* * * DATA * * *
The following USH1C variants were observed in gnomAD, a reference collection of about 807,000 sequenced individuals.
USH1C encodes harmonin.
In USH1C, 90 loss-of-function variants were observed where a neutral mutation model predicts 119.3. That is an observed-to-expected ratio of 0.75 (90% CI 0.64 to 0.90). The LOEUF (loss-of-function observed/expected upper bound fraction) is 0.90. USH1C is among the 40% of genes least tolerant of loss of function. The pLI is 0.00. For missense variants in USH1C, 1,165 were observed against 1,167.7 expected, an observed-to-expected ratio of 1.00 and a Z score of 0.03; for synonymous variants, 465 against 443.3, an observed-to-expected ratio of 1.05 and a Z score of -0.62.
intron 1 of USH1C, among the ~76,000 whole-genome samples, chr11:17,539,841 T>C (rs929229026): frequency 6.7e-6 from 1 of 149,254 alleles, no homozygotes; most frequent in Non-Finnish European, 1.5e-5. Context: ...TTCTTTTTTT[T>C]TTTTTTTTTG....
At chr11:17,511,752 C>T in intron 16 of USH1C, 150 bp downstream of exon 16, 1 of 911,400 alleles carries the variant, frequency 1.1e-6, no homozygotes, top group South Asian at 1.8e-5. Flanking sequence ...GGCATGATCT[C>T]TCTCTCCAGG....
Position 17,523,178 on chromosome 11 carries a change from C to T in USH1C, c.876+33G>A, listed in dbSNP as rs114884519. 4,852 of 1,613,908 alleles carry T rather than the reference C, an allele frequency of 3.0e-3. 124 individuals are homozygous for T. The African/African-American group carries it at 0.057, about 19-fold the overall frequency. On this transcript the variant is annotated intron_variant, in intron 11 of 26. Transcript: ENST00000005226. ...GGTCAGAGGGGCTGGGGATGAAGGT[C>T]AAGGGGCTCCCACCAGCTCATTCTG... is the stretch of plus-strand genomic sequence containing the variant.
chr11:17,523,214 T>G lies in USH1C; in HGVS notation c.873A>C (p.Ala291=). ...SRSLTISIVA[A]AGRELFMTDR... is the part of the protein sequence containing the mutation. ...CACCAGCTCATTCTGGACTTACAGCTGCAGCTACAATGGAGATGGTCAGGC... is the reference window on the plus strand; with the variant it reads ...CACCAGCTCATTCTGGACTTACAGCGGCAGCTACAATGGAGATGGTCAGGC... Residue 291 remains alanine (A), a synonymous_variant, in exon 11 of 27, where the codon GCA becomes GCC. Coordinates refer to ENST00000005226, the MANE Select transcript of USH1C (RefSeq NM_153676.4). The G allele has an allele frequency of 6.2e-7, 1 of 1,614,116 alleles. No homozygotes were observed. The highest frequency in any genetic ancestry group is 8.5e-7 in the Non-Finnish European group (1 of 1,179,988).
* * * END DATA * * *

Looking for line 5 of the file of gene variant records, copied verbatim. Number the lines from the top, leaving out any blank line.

At chr11:17,511,752 C>T in intron 16 of USH1C, 150 bp downstream of exon 16, 1 of 911,400 alleles carries the variant, frequency 1.1e-6, no homozygotes, top group South Asian at 1.8e-5. Flanking sequence ...GGCATGATCT[C>T]TCTCTCCAGG....